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Orthoflex western saddle questions

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  • Orthoflex western saddle questions

    I recently got a little lot of saddles and the deal was for me to clean them up and market them and I could keep one for myself. The saddle I'm keeping is an Orthoflex. I don't know the model name, didn't see a model number anywhere to find out- the little nametag is on the front left part of the skirt. But no #. I had a cheapy Hilason treeless that my daughter bought me and I LOVED riding in it, it didn't move once I was in the saddle-but mounting from the ground was a big no-no, it slid all over. I need to be able to mount from the ground, I ride with my daughter alot and am not comfortable knowing I can't get on and off easily , at will, if needed. I'm hoping to try this Orthoflex this weekend and see if it fits my Walker. My question is, if I use a regular girth I already have (I have a SmartCinch, I have string girths and a I have neoprene girths) along with a felt or wool pad, will it make that big of a difference not having a Skito or special girth? I don't want to buy them if the saddle is still not going to work, but will I be able to tell by using the trimmings I already have? Such as, if it slips a little but not as bad when I try it, will the correct pad and girth make that much of a difference that it won't slip at all? Am I going to be able to make any sort of judgement other than if it absolutely doesn't fit at all?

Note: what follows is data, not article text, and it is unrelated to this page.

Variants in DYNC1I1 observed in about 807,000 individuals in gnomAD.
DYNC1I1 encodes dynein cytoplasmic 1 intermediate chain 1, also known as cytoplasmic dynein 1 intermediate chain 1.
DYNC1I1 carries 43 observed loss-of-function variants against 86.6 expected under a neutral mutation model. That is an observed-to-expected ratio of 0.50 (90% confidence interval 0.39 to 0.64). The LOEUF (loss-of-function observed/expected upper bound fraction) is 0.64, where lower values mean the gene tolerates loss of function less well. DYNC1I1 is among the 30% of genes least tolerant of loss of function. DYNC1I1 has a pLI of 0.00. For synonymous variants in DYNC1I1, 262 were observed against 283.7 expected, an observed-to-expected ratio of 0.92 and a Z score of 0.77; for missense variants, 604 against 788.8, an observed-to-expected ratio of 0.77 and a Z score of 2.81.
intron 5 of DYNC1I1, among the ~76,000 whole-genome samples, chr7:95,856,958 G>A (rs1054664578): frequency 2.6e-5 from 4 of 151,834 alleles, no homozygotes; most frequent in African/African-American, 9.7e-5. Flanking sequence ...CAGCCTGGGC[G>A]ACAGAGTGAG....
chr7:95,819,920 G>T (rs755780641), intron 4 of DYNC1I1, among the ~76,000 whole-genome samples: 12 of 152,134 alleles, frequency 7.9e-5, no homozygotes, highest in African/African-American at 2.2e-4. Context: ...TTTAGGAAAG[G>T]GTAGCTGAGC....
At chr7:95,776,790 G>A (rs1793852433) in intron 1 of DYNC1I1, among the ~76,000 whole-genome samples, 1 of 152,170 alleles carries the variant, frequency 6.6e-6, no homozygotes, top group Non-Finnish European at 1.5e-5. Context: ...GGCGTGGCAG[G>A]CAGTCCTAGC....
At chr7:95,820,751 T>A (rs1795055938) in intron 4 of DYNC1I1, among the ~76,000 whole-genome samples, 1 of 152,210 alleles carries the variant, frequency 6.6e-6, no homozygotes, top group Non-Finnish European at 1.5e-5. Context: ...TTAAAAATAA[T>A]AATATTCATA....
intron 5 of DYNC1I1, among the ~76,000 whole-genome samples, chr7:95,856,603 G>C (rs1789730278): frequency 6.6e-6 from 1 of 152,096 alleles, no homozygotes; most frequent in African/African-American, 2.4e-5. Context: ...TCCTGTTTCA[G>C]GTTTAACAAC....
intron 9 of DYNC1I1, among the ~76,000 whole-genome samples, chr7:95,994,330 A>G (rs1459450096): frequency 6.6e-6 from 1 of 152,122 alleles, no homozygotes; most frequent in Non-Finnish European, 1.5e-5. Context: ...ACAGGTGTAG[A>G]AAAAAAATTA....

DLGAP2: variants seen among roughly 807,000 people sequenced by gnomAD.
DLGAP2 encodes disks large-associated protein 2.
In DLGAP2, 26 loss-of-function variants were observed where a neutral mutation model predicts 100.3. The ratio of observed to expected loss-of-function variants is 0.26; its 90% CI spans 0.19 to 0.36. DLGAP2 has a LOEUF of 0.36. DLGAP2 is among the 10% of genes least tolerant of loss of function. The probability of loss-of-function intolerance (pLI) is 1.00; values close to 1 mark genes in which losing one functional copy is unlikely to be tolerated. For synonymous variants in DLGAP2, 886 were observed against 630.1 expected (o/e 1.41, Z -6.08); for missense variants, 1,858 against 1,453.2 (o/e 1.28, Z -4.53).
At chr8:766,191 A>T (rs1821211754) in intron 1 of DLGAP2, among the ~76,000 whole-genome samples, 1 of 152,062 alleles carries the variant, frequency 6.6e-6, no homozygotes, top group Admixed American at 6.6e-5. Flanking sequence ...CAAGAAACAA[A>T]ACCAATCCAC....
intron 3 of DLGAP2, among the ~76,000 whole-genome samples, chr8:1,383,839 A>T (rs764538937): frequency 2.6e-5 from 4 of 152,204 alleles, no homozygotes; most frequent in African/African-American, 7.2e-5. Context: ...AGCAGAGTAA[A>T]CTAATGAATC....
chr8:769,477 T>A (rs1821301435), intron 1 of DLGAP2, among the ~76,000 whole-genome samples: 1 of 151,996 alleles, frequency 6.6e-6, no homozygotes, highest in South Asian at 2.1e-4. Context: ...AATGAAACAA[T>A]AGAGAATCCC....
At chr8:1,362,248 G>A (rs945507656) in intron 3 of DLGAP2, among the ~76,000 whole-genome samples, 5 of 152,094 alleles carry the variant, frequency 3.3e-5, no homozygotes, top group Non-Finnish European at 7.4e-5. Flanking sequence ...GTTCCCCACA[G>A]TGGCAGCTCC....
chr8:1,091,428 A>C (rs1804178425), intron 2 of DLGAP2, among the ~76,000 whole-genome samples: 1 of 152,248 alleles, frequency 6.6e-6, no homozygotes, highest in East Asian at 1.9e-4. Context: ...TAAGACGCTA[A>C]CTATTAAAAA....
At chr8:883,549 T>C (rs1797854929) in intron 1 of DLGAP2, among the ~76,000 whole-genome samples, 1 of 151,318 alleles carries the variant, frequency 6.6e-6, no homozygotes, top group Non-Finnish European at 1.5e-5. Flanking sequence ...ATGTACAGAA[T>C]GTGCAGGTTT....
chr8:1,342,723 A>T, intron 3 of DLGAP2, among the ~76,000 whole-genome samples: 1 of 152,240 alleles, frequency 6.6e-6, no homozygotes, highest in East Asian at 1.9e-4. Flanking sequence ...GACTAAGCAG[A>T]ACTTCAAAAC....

Anyone know what model this might be? I reallllllly hope it fits and works out, it was super comfy to sit in and it's in incredible shape-broke in but not a scuff or thing wrong with it! The pic was at dusk so not the best...
    http://i21.photobucket.com/albums/b2...ps584afacf.jpg
    Kerri

  • #2
    I have not had personal experience with Orthoflex saddles so I am not of much help. You might try asking your questions on Ridecamp at endurance.net. I will say that I don't think a Skito pad would be necessary -- I think "booties" are often used with Orthoflex saddles. "Booties" just cover the panels of the saddle and I think that they are sometimes the only "pad" used. So, i don't see why you couldn't use a regular pad -- I would just not use a really thick one.

    Congrats on your find! I recently acquired a "lot" of english tack that I have been reselling. Too bad I only ride western now.
    "We are all doing the best we can from our own level of consciousness.”
    ― Deepak Chopra

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    • #3
      The saddle looks like an early 90s model called The Traditional. I think they renamed it the Trail Partner around 2000.

      It is fine to use whatever pads and cinches you already have, although if you have a front to back balance problem it will be harder to work through with a flat pad. This particular saddle was made to be used without booties, as the panels are "finished".

      If the saddle has had very little riding, it might slip a little during mounting, more use usually rectifies this problem. Make sure the screws holding the panels to the tree are secure before you use it.

      Good luck!

      Comment

      • Original Poster

        #4
        I threw it on him with a felt pad and a neoprene girth. My doofus of a horse played too hard and took a spill in the mud this weekend. He torqued something and was sort of gimpy, so I didn't try mounting from the ground yet. I did hop on from a stump and get to sit in it though, super comfy ;-) It seemed pretty secure with the little bit I messed with it and it looks like it fits well!
        http://i21.photobucket.com/albums/b2...psa67e1d77.jpg
        Kerri

        Comment


        • #5
          It looks good...I don't think you need a different pad, should be good to go just the way it sits.

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